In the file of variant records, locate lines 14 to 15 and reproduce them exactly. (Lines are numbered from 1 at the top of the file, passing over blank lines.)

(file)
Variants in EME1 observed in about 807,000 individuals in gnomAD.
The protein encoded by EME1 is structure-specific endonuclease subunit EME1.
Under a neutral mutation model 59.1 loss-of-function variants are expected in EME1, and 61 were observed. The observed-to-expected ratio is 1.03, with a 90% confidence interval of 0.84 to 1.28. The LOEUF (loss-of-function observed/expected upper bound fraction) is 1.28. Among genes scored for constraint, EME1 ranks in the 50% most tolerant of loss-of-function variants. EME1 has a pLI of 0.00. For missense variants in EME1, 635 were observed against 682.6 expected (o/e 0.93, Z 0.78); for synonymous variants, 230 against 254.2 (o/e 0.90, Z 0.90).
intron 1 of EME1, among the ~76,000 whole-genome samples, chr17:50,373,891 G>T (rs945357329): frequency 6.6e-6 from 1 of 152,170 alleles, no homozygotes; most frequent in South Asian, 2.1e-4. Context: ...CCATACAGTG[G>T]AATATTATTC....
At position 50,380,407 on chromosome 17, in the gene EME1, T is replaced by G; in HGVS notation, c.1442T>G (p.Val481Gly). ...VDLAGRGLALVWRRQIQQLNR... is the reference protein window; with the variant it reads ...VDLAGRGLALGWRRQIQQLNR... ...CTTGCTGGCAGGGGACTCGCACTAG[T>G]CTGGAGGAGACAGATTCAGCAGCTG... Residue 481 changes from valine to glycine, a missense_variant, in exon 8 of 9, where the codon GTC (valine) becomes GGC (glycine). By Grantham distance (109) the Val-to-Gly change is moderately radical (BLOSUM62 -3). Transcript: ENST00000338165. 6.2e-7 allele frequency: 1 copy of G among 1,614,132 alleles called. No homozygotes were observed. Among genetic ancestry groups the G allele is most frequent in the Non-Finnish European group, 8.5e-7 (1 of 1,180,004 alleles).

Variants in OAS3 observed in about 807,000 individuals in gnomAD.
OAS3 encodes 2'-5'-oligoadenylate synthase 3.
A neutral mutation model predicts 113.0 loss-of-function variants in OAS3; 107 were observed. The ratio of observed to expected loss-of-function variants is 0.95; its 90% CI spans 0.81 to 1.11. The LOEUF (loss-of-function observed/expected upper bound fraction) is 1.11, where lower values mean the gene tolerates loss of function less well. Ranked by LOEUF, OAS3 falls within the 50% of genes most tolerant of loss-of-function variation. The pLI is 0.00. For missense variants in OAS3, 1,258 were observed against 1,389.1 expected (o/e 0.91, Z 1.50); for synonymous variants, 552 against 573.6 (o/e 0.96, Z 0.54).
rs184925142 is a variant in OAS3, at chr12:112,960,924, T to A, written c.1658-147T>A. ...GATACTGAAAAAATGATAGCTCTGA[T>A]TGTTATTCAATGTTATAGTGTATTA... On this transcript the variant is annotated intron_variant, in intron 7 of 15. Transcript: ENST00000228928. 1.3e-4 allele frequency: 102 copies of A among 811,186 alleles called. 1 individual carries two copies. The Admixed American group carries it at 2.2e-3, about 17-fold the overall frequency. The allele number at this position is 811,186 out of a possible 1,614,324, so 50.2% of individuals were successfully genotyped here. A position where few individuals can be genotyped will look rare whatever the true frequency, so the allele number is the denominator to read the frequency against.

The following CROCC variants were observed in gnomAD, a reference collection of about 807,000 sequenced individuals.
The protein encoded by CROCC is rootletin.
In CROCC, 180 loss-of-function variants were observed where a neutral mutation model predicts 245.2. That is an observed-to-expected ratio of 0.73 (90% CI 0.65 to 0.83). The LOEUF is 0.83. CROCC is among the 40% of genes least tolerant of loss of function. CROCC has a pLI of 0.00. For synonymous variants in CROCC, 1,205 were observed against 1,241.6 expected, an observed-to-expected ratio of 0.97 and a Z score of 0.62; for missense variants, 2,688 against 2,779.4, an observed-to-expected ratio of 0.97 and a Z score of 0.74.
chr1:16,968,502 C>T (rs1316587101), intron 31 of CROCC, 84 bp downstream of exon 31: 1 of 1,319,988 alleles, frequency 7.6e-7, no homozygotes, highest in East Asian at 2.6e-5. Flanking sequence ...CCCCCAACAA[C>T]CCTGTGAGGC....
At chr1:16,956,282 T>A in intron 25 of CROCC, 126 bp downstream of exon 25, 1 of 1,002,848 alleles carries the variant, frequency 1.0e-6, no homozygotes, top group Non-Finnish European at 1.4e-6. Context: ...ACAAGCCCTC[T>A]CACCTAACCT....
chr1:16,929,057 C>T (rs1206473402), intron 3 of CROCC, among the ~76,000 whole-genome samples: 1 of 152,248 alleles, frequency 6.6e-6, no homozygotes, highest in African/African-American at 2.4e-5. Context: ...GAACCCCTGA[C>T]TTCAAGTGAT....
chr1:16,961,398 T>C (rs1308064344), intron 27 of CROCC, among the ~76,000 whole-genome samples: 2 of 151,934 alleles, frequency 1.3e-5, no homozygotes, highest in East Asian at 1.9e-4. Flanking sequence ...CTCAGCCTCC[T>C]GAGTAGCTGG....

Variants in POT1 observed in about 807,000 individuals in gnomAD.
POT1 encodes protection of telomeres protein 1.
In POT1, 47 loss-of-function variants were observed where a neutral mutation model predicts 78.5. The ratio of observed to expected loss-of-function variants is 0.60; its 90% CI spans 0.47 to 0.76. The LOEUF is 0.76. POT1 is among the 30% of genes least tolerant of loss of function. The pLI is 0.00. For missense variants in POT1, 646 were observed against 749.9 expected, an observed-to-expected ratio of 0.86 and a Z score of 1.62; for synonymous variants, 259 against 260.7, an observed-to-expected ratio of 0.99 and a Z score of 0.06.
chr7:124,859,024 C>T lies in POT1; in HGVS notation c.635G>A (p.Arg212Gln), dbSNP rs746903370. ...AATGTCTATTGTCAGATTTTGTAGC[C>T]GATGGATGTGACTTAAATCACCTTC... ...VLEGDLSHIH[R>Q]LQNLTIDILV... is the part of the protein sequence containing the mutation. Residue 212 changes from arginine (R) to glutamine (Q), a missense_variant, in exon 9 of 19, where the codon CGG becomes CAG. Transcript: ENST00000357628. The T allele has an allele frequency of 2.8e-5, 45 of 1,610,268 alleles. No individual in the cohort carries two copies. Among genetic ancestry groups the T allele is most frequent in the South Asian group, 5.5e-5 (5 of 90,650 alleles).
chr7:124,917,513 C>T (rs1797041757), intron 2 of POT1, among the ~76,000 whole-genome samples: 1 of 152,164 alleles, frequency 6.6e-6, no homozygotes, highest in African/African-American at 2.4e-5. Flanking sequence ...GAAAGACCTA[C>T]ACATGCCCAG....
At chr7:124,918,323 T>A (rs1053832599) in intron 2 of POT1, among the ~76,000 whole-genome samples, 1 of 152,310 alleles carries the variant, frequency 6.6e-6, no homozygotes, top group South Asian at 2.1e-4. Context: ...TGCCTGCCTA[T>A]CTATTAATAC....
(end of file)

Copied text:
At chr1:16,956,282 T>A in intron 25 of CROCC, 126 bp downstream of exon 25, 1 of 1,002,848 alleles carries the variant, frequency 1.0e-6, no homozygotes, top group Non-Finnish European at 1.4e-6. Context: ...ACAAGCCCTC[T>A]CACCTAACCT....
chr1:16,929,057 C>T (rs1206473402), intron 3 of CROCC, among the ~76,000 whole-genome samples: 1 of 152,248 alleles, frequency 6.6e-6, no homozygotes, highest in African/African-American at 2.4e-5. Context: ...GAACCCCTGA[C>T]TTCAAGTGAT....